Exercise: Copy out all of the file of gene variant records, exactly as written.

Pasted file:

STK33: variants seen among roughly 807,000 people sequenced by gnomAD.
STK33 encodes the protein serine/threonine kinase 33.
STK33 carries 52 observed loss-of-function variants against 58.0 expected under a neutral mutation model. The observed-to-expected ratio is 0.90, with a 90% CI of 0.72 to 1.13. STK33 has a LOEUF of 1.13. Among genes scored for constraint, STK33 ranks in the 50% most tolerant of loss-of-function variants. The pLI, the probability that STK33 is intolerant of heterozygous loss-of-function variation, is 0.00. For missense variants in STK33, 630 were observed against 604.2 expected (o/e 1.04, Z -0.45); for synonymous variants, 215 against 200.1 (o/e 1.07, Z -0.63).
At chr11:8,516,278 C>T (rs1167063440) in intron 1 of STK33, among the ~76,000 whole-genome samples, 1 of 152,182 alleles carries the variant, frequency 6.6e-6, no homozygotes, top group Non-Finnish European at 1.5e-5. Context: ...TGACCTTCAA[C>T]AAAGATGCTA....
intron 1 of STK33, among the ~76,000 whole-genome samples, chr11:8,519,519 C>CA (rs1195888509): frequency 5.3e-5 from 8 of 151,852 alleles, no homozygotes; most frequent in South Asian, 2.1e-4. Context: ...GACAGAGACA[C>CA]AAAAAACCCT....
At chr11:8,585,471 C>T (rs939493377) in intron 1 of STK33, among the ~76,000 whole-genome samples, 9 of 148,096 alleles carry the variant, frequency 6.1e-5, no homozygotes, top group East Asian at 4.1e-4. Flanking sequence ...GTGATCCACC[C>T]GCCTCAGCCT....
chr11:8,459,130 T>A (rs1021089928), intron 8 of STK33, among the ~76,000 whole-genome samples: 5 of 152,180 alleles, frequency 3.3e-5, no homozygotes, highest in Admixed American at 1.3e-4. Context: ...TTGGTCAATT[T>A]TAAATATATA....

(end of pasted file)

STK33: variants seen among roughly 807,000 people sequenced by gnomAD.
STK33 encodes the protein serine/threonine kinase 33.
STK33 carries 52 observed loss-of-function variants against 58.0 expected under a neutral mutation model. The observed-to-expected ratio is 0.90, with a 90% CI of 0.72 to 1.13. STK33 has a LOEUF of 1.13. Among genes scored for constraint, STK33 ranks in the 50% most tolerant of loss-of-function variants. The pLI, the probability that STK33 is intolerant of heterozygous loss-of-function variation, is 0.00. For missense variants in STK33, 630 were observed against 604.2 expected (o/e 1.04, Z -0.45); for synonymous variants, 215 against 200.1 (o/e 1.07, Z -0.63).
At chr11:8,516,278 C>T (rs1167063440) in intron 1 of STK33, among the ~76,000 whole-genome samples, 1 of 152,182 alleles carries the variant, frequency 6.6e-6, no homozygotes, top group Non-Finnish European at 1.5e-5. Context: ...TGACCTTCAA[C>T]AAAGATGCTA....
intron 1 of STK33, among the ~76,000 whole-genome samples, chr11:8,519,519 C>CA (rs1195888509): frequency 5.3e-5 from 8 of 151,852 alleles, no homozygotes; most frequent in South Asian, 2.1e-4. Context: ...GACAGAGACA[C>CA]AAAAAACCCT....
At chr11:8,585,471 C>T (rs939493377) in intron 1 of STK33, among the ~76,000 whole-genome samples, 9 of 148,096 alleles carry the variant, frequency 6.1e-5, no homozygotes, top group East Asian at 4.1e-4. Flanking sequence ...GTGATCCACC[C>T]GCCTCAGCCT....
chr11:8,459,130 T>A (rs1021089928), intron 8 of STK33, among the ~76,000 whole-genome samples: 5 of 152,180 alleles, frequency 3.3e-5, no homozygotes, highest in Admixed American at 1.3e-4. Context: ...TTGGTCAATT[T>A]TAAATATATA....